Virginia County Restricts Net Access

Lile Elam ((no email))
Fri, 24 Oct 1997 14:10:25 -0700 (PDT)

Hi folks,

I just saw this on the wired site. This is the first time that I
have seen a library forcing blocking software on adults....


Virginians Weigh Library
Net-Blocking Suit
by Rebecca Vesely

11:46am 24.Oct.97.PDT
WASHINGTON - In what could emerge as
the first constitutional challenge to the use of blocking software in
libraries, a citizens group in
northern Virginia says it will
likely file suit against the county
library board regarding its strict new Net access policy.

The group, Mainstream Loudoun, is
protesting rules approved Monday by
the county's library board to
install blocking software on library
terminals. The board also decided,
in a 5-4 vote, that anyone under 18
must have written permission from a
parent or guardian to get on the
Internet, and that library computer
terminals must be installed "at
close proximity to, and in full view
of, the library staff."

"We believe there is a concerted
effort by an organized minority to
control protected speech that they
find offensive or controversial, and
the Internet policy is simply
another step in that direction,"
said Jeri McGiverin of Mainstream
McGiverin said the group is
consulting with its attorneys, and
called the recent library board
rules restricting adult access to
materials on the Internet "clearly

But the powers-that-be in Loudoun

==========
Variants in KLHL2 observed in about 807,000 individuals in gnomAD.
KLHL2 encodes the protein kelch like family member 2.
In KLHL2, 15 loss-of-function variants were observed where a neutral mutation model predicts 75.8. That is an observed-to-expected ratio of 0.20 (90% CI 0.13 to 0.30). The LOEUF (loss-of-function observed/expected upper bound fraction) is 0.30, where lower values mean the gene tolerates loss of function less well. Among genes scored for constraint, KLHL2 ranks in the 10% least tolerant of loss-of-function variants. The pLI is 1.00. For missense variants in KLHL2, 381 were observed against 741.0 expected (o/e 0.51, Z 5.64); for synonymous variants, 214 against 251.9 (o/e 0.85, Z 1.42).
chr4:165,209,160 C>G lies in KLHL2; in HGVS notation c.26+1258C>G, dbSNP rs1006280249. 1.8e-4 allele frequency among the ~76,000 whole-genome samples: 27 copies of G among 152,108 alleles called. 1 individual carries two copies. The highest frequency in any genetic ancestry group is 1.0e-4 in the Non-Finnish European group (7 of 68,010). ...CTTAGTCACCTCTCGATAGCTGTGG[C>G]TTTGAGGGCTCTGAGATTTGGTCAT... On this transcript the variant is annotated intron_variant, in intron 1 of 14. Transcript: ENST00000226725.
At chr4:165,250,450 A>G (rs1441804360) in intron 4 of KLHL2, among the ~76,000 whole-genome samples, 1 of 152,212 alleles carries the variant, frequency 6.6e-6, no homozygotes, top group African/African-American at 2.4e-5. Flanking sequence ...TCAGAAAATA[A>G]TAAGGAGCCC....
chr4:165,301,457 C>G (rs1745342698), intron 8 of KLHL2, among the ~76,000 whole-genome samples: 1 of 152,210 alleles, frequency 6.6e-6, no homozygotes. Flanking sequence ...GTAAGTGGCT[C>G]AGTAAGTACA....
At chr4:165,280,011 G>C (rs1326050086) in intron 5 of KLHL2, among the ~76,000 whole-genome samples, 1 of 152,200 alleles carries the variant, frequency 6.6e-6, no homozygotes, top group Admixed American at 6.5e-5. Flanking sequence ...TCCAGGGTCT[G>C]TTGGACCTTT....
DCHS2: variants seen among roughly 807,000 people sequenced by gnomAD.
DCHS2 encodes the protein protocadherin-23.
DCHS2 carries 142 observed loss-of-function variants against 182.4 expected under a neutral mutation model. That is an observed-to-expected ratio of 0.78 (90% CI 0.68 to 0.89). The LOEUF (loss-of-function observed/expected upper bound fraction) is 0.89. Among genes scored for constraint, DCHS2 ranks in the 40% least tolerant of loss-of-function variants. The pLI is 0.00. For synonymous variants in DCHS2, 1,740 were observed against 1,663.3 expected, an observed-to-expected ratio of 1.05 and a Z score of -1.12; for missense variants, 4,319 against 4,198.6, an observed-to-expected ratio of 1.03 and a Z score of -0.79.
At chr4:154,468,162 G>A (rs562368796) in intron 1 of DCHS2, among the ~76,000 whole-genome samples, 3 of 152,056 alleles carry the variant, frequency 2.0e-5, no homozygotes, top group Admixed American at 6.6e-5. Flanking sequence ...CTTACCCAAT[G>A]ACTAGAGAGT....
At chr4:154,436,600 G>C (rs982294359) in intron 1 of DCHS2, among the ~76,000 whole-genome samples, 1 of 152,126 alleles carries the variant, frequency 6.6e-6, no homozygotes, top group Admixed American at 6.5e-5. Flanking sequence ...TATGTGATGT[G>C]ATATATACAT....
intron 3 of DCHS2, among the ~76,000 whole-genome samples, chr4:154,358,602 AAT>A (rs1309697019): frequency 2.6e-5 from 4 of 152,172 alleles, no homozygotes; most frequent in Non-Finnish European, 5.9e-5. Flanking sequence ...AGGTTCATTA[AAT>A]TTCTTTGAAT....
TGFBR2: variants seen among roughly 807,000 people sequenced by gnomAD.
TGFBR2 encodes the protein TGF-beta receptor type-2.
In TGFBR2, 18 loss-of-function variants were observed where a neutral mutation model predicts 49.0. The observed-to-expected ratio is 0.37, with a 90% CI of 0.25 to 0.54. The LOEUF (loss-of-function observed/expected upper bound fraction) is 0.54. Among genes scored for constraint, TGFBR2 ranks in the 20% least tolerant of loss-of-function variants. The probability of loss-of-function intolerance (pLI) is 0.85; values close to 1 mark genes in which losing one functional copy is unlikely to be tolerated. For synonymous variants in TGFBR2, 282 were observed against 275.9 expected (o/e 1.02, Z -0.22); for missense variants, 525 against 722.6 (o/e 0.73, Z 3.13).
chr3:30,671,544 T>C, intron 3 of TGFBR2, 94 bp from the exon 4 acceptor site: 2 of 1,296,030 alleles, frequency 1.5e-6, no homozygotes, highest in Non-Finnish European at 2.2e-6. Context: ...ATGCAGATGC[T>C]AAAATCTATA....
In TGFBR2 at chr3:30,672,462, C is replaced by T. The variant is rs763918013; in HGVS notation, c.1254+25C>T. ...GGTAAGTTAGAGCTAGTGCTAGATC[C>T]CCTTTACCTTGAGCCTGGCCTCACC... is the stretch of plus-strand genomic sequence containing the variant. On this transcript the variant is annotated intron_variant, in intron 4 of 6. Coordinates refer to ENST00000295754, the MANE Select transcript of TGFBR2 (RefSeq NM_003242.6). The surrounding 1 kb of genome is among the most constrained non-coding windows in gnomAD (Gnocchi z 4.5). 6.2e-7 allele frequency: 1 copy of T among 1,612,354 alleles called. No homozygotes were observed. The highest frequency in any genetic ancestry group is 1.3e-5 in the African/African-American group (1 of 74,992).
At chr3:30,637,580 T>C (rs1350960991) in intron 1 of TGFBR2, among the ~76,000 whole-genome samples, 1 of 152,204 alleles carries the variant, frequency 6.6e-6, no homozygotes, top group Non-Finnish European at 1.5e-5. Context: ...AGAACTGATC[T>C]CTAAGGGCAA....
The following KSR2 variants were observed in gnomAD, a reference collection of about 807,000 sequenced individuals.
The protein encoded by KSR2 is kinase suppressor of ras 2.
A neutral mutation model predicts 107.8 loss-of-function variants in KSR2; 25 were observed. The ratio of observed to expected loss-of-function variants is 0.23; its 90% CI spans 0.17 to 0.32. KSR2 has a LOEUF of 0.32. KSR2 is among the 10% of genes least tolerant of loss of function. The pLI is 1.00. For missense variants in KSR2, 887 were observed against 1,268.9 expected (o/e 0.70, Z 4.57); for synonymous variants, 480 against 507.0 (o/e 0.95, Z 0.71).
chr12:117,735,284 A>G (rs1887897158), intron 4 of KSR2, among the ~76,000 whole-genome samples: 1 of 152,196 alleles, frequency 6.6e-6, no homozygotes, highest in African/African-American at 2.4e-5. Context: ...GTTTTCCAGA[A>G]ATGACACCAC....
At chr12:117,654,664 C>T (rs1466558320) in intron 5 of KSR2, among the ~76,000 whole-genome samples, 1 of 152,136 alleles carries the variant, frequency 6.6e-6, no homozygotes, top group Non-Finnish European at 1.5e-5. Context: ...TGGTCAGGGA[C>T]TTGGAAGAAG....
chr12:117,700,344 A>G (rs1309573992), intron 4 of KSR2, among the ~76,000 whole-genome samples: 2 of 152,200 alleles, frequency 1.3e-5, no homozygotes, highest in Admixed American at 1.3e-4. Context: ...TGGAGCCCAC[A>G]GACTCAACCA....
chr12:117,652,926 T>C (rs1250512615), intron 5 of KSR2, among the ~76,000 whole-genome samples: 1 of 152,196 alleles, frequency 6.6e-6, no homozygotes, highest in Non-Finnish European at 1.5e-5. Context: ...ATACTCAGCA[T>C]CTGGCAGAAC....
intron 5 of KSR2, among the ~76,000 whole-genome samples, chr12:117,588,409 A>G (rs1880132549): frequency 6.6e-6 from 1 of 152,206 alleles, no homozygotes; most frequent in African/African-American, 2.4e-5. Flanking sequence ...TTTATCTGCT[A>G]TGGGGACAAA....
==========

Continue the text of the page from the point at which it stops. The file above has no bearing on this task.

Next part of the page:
don't seem to agree. The county
board of supervisors last week
passed a resolution, also 5-4, in
support of the library board's new
policies. In the resolution, the
board of supervisors agreed to
"support efforts to limit public
funds from being used [to] purchase
magazines, books, or to access
Internet sites that are

Civil libertarians say the Loudoun
rules are the most restrictive in
the country. Not only will the
county library system block
obscenity, but "material deemed
harmful to juveniles under
applicable Virginia statutes and
legal precedents (soft-core
pornography)." And, in an unusual
twist, the board said the policy of
restricting soft-core porn is
protected by the Civil Rights Act's
provision regarding sexual

"It was not a particularly glorious
moment," said Jim Burton, a member
of the board of supervisors who
voted against the new policy. "I'm
not interested in our county
becoming a test case, because it
would be very expensive. And the
sexual harassment argument is weak,
in my opinion."

Regardless of the civil-rights
argument, civil libertarians say
that because the blocking software
cannot be disabled by adults, the
library policy is a violation of
First Amendment rights.

"The Supreme Court has said that,
other than obscenity, the government
does not have a right to censor,"
said Kent Willis, director of
Virginia's American Civil Liberties
Union. "This is clearly a violation
of that."

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